Increasing cases of type one diabetes in children is worrying health officials in Garissa County who are now calling for more partners to join in the fight against disease and ensure affected children get the required support.
In 2019, Safaricom Foundation partnered with National and Garissa county governments, Goldstar and Nomadic Girl Initiative organization to set up a three-year diabetic programme to enhance early detection of type one diabetes and put up comprehensive care for the patients.
Safaricom Foundation’s Trustee Barrack Odero said that so far Sh 43.5 million has been spent to set up a diabetes centre at Garissa Referral Hospital, buy diabetes equipment, insulin doses and cooler packages.
Odero says that so far they have 435 children at their care who are receiving training on how to check their sugar levels and inject themselves with provided insulin.
“About half a million Kenyans may have type one diabetes but 60 per cent of them have never been tested. Out of the remaining 40 percent, half of them may have tested but do not have access to the required medication,” Odero said.
“This is why we have been here to explore some of the ways and means to bridge the gap in Garissa,” he added.
Garissa county Health CEC Roble Nunow says that the increasing cases in the county are a result of a lack of a balanced diet.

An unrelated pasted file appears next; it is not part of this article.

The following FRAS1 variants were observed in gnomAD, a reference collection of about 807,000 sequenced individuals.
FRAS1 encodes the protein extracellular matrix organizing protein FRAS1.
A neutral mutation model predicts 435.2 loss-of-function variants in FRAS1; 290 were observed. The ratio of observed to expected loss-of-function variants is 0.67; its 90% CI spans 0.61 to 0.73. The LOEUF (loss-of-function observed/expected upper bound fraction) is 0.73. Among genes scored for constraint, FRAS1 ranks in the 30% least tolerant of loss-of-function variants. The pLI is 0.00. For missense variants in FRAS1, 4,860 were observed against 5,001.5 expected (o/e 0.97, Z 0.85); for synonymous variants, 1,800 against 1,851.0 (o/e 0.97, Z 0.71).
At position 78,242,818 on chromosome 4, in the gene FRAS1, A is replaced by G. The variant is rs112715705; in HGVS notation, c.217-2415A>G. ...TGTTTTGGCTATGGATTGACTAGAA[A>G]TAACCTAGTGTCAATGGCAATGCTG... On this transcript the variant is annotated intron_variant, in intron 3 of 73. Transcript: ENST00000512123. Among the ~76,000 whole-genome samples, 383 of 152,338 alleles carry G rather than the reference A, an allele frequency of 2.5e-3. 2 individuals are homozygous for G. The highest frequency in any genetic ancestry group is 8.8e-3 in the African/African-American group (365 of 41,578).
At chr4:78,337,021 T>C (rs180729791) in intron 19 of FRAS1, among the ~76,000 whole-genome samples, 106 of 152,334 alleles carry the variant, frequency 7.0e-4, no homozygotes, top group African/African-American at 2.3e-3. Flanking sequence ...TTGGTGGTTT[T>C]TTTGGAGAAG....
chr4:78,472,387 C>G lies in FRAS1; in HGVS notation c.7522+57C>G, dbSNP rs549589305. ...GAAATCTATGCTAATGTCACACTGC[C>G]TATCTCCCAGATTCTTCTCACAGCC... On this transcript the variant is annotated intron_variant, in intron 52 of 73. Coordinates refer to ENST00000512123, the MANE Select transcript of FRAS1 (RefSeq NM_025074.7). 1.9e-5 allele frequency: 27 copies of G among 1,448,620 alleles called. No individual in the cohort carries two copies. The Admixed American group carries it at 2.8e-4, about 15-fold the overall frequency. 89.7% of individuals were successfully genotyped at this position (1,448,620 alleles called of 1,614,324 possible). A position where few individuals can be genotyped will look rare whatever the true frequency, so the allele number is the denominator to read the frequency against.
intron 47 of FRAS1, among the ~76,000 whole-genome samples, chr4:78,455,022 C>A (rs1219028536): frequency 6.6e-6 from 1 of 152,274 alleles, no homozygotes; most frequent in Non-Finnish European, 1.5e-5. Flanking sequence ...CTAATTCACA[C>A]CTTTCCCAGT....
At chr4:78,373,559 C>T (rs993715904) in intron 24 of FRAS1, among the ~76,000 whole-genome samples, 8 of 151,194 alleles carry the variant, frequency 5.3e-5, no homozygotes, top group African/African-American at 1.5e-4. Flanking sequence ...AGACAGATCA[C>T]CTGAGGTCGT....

“People in this region depend on livestock. We have the normal foods like rice and beans with no alternative diets,” Nunow said.
Nunow said that while the program is coming to an end, the county government is launching Universal Health Care and NHIF cover for the affected children so that they may continue receiving their medication free of charge.
“We have set structures to sustain these programs. We have trained community health care providers, Children and their parents so that they may be able to know how to manage themselves,” Nunow said.
“The reason we are training these children on how to inject the insulin to themselves is because at some point, they will go to boarding schools and they need to be able to take care of their conditions,” he added.
The CEC noted that having type one diabetes is not the end of life and the children can live a full life if they receive their insulin doses and have a proper diet.
Dr. Catherine Karekezi who is also a director at Kenya Diabetes Management and Information centre says that type one diabetes patients cannot survive without insulin.
“Insulin is a key drug for these children. Without it they could die and no child should lose his or her life because of lack of insulin injection,” Karekezi says.
“These children need daily insulin injections and for some cases double injections from two different types of insulin, one at night and the other during the day,” she adds.
Dr. Kakerezi notes that without insulin, the sugar in the blood circulation damages body organs; eye capillaries, kidneys and prevents wounds from healing.
She however says that there are programs for children with type one diabetes, where they all meet in camps, play together and understand that there are others too facing the same conditions.
Some of the counties with higher cases of type one diabetes include Kitui, Marsabit, Homabay and Lamu.